Posted by Dave Plowman (News) on October 20, 2007, 12:10 pm
With a christian name like Herman of course. Melville was born in New York.
*I feel like I'm diagonally parked in a parallel universe*
Dave Plowman email@example.com London SW
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Posted by Eeyore on October 20, 2007, 1:08 pm
The Natural Philosopher wrote:
based on his
You are correct. It went right over my head because of the Dickens thing.
I get the impression that a lot of Americans have this very false (and quaint)
of Britain from 19th century novels. Jane Eyre for example would give you an
If classic authors are what he wants he ought perhaps to read 'Jude the Obscure'
Road to Wigan Pier'/'Down and Out in London and Paris'. That'll shake his ideas
I'm struggling to think of a novel that represents modern Britain though.
Posted by Arnold Walker on October 20, 2007, 6:39 pm
Some of us don't consider New York part of America........
Heck the guy had to die for 50years before anyone would even read his works.
Now Mellville is considered one the greatest in America literature.
But then Liberals are into education much thses days and claim the guy's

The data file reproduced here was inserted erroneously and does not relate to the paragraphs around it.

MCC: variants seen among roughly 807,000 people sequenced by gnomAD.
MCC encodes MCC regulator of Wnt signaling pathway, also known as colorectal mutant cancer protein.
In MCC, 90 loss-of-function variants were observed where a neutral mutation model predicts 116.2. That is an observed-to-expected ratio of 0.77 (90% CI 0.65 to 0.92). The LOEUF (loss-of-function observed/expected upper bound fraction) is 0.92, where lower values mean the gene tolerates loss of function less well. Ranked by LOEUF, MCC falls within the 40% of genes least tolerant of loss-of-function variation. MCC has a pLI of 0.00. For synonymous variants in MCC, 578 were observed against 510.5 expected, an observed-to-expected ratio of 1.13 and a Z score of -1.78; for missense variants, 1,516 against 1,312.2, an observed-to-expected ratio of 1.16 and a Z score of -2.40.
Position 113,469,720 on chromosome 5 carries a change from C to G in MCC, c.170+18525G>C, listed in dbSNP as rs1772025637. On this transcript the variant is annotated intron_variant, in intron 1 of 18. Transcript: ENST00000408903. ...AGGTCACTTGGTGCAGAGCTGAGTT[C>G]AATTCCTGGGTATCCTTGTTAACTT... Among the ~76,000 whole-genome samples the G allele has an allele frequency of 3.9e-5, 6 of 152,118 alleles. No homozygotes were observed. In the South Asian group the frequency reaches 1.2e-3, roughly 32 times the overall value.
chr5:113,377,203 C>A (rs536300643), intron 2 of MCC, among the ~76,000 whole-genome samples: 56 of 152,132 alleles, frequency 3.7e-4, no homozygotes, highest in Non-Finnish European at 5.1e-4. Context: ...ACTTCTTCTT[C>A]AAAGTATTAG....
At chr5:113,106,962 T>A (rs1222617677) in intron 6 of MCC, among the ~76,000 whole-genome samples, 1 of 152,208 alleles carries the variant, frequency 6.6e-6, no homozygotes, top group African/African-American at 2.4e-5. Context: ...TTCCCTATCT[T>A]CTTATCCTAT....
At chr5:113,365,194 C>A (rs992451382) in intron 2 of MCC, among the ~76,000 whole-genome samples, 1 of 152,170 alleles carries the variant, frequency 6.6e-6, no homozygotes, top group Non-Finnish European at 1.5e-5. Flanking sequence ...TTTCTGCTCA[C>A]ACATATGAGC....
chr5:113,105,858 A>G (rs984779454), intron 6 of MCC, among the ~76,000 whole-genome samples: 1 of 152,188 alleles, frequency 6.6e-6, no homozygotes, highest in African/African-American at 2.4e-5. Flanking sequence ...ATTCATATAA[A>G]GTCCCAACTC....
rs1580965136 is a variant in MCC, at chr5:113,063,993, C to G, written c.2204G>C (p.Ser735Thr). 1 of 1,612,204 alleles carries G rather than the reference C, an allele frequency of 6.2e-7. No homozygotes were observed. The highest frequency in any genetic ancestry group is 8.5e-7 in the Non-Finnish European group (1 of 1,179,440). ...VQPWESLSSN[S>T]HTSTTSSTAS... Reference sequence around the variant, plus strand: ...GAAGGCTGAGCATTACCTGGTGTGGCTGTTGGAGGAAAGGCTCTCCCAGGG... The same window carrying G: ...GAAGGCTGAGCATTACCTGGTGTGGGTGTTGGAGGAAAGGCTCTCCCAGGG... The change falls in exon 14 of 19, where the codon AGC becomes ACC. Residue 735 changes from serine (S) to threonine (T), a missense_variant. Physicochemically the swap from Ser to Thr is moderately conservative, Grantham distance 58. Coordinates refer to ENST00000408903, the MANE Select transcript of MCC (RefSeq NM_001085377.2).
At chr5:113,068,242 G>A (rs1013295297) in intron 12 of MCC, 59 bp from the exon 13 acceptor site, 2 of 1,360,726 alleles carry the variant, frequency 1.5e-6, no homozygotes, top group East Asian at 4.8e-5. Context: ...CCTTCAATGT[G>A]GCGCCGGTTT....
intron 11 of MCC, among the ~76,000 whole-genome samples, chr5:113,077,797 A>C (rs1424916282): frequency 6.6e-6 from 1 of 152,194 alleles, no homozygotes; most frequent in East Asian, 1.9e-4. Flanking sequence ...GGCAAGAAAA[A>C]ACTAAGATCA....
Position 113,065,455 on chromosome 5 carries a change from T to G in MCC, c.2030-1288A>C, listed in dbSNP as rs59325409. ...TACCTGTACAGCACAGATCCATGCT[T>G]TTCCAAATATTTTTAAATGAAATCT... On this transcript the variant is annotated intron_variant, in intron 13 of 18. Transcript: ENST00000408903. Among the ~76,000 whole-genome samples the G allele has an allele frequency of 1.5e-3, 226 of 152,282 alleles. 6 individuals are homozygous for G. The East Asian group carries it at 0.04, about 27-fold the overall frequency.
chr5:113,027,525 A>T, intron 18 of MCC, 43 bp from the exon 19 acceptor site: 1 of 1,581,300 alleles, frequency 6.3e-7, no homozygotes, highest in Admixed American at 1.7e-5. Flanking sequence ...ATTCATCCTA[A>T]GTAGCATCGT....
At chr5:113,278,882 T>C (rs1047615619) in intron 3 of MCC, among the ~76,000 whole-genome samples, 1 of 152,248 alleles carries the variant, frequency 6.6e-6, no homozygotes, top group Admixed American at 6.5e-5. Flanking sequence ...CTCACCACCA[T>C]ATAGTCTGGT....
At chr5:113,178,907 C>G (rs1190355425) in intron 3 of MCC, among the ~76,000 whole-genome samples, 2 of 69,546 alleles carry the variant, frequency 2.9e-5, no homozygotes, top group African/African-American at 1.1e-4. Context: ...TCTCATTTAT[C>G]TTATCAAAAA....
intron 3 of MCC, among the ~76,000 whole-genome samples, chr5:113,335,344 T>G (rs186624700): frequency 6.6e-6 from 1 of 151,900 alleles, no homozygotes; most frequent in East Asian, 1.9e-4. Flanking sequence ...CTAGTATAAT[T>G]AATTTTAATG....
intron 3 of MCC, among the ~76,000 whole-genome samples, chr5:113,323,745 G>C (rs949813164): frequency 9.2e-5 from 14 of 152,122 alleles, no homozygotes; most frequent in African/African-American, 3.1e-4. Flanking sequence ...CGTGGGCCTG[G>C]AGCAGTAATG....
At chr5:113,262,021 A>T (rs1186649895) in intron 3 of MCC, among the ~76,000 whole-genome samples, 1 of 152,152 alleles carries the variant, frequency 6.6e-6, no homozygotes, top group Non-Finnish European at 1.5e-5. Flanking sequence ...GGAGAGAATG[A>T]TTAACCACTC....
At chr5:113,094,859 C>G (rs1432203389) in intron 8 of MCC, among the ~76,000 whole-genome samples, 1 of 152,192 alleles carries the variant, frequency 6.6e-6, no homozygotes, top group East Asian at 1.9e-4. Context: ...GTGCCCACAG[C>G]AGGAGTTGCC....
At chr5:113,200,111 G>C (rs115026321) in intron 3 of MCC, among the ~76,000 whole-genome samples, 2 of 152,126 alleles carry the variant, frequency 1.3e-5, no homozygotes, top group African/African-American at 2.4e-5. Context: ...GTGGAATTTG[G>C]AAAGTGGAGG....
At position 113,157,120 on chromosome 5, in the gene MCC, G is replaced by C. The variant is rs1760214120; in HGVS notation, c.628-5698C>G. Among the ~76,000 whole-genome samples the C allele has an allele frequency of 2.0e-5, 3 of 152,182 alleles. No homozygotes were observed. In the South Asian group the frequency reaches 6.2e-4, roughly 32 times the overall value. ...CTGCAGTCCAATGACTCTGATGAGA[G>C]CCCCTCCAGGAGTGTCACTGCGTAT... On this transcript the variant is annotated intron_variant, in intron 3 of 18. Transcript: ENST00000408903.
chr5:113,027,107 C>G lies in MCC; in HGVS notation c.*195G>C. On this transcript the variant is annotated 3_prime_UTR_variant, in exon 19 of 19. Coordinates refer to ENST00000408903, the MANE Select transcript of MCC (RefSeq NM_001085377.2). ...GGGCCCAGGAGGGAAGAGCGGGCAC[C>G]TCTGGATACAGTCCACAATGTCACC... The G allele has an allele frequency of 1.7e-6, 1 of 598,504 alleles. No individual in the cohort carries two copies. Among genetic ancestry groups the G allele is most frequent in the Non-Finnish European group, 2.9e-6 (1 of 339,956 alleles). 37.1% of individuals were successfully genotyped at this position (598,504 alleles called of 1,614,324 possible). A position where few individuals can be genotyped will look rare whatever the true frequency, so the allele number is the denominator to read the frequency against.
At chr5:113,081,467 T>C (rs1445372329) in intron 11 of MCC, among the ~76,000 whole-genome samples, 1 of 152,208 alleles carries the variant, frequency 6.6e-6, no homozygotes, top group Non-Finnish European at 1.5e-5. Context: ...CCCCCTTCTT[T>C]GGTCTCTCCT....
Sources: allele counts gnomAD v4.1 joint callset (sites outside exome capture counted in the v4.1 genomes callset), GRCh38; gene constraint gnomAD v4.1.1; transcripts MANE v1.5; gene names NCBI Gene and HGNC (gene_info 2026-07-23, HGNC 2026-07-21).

English ,Japanese or anything else and the liberal would never know the
difference....dumbing down of education ,etc.,etc.
Might have to think for themself ,if they were educated.
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Posted by Doctor Drivel on October 23, 2007, 8:19 am
More like a part of Liverpool. Well up until 90 to 100 years ago,
Melville was a mechant sailor and wrote a lot about Liverpool as he spent
much time there.
'Redburn, His First Voyage' by Herman Melville 1849...
"Previous to this, having only seen the miserable wooden wharves and
shambling piers of New York... in Liverpool I beheld long China walls of
masonry; vast piers of stone; and a succession of granite-rimmed docks,
completely enclosed. The extent and solidity of these structures seemed
equal to what I had read of the old pyramids of Egypt. In magnitude, cost
and durability the docks of Liverpool surpass all others in the world... for
miles you may walk along that riverside, passing dock after dock, like a
chain of immense fortresses.
Prince's Dock, of comparatively recent construction, is perhaps the largest
of all and is well known to American sailors from the fact that it is mostly
frequented by the American shipping. Here lie the noble New York packets,
which at home are found at the foot of Wall-Street; and here also lie the
Mobile and Savannah cotton ships and traders."
Posted by Steve O'Hara-Smith on October 20, 2007, 6:45 am
On Fri, 19 Oct 2007 21:39:51 +0000
Compare and contrast - when my home was in the middle of 40 acres
of Co. Kildare we rarely bothered to lock the door. We did have a couple of
dogs but they were pets not guards.
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